St Helena, Ascension and Tristan da Cunha profiles

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Map of Ascension, St Helena and Tristan Da Cuhna

The remote islands of St Helena, Ascension Island and Tristan da Cunha lie in the South Atlantic Ocean, midway between Africa and South America.

Though far from each other, they form the British Overseas Territory of Saint Helena, Ascension and Tristan da Cunha, a single territorial grouping under the sovereignty of the British Crown.

Much of their history has been influenced by military and strategic interests.


  • Capitals: Jamestown (St Helena) Georgetown (Ascension) Edinburgh of the Seven Seas (Tristan da Cunha)
  • Area: 420 sq km
  • Population: 5,600
  • Language: English
  • Life expectancy: 76 years (men) 82 years (women)


Head of state: Charles III, represented by a governor

The territory elects 12 members to its Legislative Council, five of who serve as ministers on the Executive Council, chaired by the governor.

The governor is represented on Ascension Island and Tristan da Cunha by local administrators.


Image source, Getty Images
Image caption,
A general view of the Court House in Jamestown, Saint Helena

The islands support local newspapers and radio stations. There are no locally-based TV services.

On St Helena, the US company Cable and Wireless operates the telecommunications infrastructure under an agreement with the local government.

St Helena has two local radio stations; one of them is also relayed on Ascension Island and in the Falkland Islands. Digital satellite TV from South Africa is available.

On Ascension Island, the BBC Atlantic Relay station broadcasts World Service radio programmes to Africa using shortwave transmitters. BFBS - the British Forces Broadcasting Service - and TV services for the US military are available. Volcano Radio carries locally-produced programmes.

On Tristan da Cunha, BFBS TV and radio are available. The island's first internet cafe opened in 2006.



  • Saint FM - St Helena community radio; rebroadcast on Ascension and the Falkland Islands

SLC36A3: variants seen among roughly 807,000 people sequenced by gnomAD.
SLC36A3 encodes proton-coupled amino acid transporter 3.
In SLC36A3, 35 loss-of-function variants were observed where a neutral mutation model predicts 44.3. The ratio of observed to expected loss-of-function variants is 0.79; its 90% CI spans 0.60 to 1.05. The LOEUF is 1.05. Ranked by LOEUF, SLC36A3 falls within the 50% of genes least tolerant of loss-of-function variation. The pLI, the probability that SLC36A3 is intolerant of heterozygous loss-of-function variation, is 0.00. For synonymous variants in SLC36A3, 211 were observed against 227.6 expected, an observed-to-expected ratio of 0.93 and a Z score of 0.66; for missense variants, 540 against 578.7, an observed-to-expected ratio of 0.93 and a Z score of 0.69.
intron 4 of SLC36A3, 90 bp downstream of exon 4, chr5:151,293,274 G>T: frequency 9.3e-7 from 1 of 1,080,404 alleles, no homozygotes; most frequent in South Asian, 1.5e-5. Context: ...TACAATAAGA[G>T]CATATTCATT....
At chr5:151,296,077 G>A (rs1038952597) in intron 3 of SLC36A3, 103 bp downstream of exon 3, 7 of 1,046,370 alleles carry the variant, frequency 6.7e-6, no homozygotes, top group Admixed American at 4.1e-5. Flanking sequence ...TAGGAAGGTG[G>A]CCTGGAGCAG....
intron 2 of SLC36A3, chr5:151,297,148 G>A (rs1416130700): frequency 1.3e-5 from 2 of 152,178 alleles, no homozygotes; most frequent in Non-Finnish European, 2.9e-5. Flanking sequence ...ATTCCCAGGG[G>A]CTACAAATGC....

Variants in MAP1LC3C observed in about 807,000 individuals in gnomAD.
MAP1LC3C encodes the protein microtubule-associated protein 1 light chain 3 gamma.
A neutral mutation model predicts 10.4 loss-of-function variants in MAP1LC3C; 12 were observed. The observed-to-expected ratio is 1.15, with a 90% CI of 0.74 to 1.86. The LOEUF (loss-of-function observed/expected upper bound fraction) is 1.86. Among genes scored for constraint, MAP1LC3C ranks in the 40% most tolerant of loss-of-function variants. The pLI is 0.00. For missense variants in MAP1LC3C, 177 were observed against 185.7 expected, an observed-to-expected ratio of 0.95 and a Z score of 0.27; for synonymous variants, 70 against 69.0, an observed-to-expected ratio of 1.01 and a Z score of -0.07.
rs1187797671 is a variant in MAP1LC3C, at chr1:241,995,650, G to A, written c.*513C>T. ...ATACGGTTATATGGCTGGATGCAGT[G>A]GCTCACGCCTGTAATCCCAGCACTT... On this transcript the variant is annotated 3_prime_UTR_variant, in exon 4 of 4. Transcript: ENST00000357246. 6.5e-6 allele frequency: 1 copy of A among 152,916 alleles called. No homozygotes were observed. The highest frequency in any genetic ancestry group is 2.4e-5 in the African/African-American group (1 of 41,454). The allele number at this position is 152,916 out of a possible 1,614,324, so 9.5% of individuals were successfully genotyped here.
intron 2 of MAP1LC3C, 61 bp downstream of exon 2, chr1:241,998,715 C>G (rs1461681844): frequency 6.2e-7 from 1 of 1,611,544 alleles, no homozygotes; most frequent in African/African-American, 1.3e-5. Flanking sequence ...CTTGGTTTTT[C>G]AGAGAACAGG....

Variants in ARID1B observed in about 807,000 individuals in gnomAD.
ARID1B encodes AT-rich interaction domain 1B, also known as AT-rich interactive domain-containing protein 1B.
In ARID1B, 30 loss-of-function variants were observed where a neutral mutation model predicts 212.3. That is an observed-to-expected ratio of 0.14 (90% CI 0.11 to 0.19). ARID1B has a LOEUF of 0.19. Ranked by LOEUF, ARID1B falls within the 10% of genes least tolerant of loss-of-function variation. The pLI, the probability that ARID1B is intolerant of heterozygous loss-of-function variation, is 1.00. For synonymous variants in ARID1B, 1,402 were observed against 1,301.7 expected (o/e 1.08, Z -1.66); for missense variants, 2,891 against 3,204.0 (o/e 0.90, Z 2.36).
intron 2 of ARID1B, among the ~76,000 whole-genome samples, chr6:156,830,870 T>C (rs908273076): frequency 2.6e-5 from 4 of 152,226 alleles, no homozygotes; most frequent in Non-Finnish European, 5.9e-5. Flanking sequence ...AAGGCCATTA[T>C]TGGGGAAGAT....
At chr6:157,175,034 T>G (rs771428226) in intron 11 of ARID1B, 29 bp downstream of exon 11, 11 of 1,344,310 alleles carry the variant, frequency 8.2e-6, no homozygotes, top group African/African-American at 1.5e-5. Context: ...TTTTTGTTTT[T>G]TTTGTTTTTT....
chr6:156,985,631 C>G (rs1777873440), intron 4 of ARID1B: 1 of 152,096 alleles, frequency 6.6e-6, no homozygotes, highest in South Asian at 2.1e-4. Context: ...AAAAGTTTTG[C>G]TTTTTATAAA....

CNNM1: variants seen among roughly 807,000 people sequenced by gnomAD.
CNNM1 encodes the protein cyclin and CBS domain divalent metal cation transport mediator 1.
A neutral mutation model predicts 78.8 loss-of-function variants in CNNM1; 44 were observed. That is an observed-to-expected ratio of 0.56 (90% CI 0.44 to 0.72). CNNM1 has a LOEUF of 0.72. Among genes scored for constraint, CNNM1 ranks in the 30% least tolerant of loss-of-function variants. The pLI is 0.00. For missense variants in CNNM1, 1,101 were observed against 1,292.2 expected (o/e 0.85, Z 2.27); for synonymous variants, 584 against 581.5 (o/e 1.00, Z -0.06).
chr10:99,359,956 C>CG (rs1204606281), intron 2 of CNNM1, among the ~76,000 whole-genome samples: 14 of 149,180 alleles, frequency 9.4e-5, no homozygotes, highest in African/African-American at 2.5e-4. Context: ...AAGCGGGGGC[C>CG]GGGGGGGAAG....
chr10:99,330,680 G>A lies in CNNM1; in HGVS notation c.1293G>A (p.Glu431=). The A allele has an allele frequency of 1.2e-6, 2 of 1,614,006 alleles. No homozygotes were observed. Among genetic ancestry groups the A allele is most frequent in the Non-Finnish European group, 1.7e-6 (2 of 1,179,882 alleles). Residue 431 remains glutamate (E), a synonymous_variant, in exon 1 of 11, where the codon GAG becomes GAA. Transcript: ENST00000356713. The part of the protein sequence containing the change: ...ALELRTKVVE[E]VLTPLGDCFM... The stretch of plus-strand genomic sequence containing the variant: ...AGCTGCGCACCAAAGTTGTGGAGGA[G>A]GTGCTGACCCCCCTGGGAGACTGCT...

• SAMS Radio 1 - St Helena, operated by South Atlantic Media Services
  • Volcano Radio - Ascension Island


Image source, Getty Images
Image caption,
Napoleon ended his days on St Helena

St Helena is probably best known as the island to which French Emperor Napoleon Bonaparte was exiled in 1815 after his defeat at the Battle of Waterloo.

Its inhabitants, known locally as "Saints", are the descendants of sailors, settlers and slaves. The island's economy is dependent on British grants and remittances from abroad.

The British government built an international airport in 2016, hoping to boost the island's self-sufficiency and eventually eliminating the island's reliance on aid. However, the runway is exposed to strong winds which make landing a challenge.

In 2022, after a two-year absence due to Covid, regular flights to Walvis Bay, Namibia, and Johannesburg, South Africa, were restored.


Image caption,
Many residents of St Helena are descendants of sailors, settlers and slaves

Some key dates in the history of St Helena:

1502 - The island is uninhabited when it is first discovered by Portuguese mariners.

1600s - The British East India Company uses the island as a way station for trading ships sailing home from the Orient and is granted a charter to run the island, installing its own governor in 1659.

1815 - Napoleon Bonaparte is imprisoned on the island after his defeat at Waterloo and remains confined there until his death in 1821.

1834 - St Helena becomes a British crown colony.

1980s - Widespread poverty eases with the Falklands War creating job opportunities in both the Falklands and Ascension.

2002 - Britain repeals a 1981 law depriving Saints of full citizenship, prompting a third of its inhabitants to leave the island to live or work elsewhere.

2017 - Safety concerns delay opening of airport which is exposed to strong winds.


Image source, Getty Images
Image caption,
Volcanic terrain and aerials, used for both surveillance and transmissions, , on Ascension island

Just south of the equator, Ascension Island is 700 miles from its nearest neighbour St Helena. It is a vital staging post for the UK in the South Atlantic and served as a key logistical base for troops during the Falklands War in 1982.

The island was an important communications and operations centre during both world wars and its Wideawake airfield is now shared by the British and American air forces.